5 Facts About The Legendary Guitarist Stevie Ray Vaughan

Stevie Ray Vaughan was one of the more important guitarists in recent history and sadly he lost his life when on August 27, 1990, the helicopter he was in crashed into a ski hill in East Troy, Wisconsin. His CDs and his awesome blues guitar playing still inspire generations of musicians, which includes a number of the worlds top guitarists, and no question with the passing of time, this will never change.

Listed here are 5 nuggets of knowledge about Stevie Ray Vaughan that you may not know:

1. Stevie Ray Vaughan came into this world on October 3, 1954 in Dallas Texas though transferred to Austin at the age of 17. He was the younger brother Jimmie Vaughan also a highly acclaimed guitar player. He was known by by his initials SRV which he famously put on on the scratch plate of his Fender Stratocaster guitar.

2. In the beginning SRV created a band named Triple Threat Review which later developed to become the blues rockband Double Trouble in 1978. Double Trouble recorded four studio albums including the legendary debut project Texas Flood in 1983, which was an important breakthrough accomplishment.

3. Stevie Ray was an exceedingly emotional and melodic guitar player and utilised a number of vintage guitars and amplifiers to generate his trademark sound. In contrast to many other top guitarists, Stevie Ray preferred using very heavy strings on his guitars to further hone his legendary personal sound from his Stratocaster’s guitar pickups. It is known that he wasn’t very fussy with regards to the brand of string he utilised provided that they were ‘as thick as barbed wire’.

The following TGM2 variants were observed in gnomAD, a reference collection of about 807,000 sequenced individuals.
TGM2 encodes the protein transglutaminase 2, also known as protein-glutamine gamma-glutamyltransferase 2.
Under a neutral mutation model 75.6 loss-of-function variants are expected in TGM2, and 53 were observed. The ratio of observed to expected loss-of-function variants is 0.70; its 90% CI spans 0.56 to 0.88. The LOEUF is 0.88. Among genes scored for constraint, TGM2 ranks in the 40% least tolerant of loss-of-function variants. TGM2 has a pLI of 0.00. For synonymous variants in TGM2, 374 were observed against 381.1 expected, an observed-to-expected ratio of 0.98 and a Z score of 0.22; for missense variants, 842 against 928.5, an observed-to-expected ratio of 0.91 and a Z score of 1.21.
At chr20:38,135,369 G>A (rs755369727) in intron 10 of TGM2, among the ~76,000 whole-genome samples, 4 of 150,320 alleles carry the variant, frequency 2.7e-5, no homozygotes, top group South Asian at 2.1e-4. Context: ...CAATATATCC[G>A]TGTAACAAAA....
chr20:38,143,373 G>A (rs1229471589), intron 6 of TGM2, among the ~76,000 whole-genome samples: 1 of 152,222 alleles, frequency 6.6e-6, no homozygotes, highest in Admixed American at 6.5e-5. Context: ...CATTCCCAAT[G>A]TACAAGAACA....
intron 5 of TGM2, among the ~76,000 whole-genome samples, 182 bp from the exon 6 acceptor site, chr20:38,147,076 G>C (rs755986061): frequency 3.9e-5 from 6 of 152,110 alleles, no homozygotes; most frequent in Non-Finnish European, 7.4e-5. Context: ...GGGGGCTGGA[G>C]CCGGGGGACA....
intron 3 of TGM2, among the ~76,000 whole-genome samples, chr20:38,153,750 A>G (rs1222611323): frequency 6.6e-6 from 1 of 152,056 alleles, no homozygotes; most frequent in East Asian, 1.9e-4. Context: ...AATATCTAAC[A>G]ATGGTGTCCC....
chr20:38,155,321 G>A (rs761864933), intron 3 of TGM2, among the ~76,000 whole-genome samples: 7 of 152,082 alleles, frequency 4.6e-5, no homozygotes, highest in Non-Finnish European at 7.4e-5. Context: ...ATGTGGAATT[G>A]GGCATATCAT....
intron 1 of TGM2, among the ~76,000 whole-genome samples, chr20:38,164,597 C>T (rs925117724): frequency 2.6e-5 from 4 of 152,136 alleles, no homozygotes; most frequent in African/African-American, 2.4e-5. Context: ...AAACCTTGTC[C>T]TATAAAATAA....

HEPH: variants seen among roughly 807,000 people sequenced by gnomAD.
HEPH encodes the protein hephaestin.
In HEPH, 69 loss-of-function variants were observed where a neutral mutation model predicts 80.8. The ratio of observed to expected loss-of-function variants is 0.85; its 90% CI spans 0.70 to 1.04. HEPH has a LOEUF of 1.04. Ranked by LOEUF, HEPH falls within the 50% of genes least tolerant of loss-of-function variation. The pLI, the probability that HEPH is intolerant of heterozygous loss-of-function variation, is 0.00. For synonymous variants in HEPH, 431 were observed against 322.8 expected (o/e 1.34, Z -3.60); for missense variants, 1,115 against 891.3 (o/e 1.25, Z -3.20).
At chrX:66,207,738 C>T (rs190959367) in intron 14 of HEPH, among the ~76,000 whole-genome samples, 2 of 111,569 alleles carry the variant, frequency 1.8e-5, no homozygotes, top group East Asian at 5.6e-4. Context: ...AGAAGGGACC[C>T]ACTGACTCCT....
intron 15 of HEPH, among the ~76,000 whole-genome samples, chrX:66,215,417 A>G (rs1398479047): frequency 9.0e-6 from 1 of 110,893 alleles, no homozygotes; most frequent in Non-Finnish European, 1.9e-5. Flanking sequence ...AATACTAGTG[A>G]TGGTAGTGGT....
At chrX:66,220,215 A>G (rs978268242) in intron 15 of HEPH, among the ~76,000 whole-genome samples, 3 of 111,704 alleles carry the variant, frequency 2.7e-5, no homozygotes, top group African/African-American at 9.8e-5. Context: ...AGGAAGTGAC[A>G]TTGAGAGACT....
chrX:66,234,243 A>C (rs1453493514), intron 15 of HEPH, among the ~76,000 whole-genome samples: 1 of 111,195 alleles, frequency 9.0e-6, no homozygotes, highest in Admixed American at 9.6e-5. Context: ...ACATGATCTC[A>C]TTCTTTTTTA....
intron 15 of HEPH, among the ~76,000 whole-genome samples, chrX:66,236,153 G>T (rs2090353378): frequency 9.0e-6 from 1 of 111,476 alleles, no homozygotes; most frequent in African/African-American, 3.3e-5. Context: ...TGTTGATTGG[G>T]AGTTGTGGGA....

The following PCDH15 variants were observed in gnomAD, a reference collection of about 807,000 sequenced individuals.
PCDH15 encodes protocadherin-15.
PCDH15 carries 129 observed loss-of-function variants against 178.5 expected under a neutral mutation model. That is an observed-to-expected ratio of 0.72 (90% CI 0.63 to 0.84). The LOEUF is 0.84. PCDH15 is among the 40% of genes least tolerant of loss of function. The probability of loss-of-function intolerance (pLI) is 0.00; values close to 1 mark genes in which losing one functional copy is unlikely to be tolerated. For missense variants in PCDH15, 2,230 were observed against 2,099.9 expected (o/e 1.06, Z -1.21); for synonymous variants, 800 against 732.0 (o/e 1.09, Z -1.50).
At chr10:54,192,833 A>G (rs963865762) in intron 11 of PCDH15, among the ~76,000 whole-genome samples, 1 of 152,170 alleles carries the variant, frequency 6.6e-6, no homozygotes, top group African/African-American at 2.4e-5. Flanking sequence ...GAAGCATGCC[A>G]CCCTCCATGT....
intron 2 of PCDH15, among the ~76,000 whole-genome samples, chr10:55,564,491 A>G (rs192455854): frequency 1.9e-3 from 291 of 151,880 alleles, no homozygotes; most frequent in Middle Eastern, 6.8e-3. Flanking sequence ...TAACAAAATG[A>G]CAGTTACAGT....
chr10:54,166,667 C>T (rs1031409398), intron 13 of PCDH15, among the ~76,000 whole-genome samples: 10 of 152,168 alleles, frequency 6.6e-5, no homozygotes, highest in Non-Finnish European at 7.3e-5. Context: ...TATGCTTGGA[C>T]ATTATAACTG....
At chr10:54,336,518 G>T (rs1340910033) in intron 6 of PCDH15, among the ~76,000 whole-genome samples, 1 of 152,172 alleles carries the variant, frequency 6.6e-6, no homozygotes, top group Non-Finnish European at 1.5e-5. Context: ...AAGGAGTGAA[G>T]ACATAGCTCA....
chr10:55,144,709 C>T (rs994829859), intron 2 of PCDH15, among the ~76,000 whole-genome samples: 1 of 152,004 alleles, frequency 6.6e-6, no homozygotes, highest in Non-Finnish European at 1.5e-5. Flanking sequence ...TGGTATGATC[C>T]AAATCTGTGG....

4. Stevie Ray owned a mouthwatering collection of vintage electric guitars but had become widely known for his common use of a Fender Stratocaster, his much-loved guitar being a 1963 model he took possession of in 1973. Another favourite 1963/64 Stratocaster was purchased for him by his wife Lenora as he did not have enough money to purchase the guitar himself. This particular Stratocaster was frequently acknowledged simply as Lenny. This Guitar was subsequently sold at auction in 2004 to raise revenue for Eric Clapton’s Crossroads Centre and achieved an extremely healthy $ 623,500.

5. He has regularly achieved critical acclaim for his albums and guitar playing and in 2003 he was rated at number 7 in Rolling Stone magazine’s directory of 100 greatest guitarists. He also received a posthumous induction into the Blues Hall of Fame in 2000.

So there you have it, 5 little nuggets of information with regards to the wonderful Stevie Ray Vaughan. If you haven’t yet experienced the sensational jazzy, blues guitar playing of SRV, there’s certainly no better time than now.



Source by Jim J Ward

Guitar Tab Notebook: 6 string guitar TAB paper



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Guitar Tab Notebook – 40 pages, 10 tab staves per page

3 Chord Rock Songs – Status Quo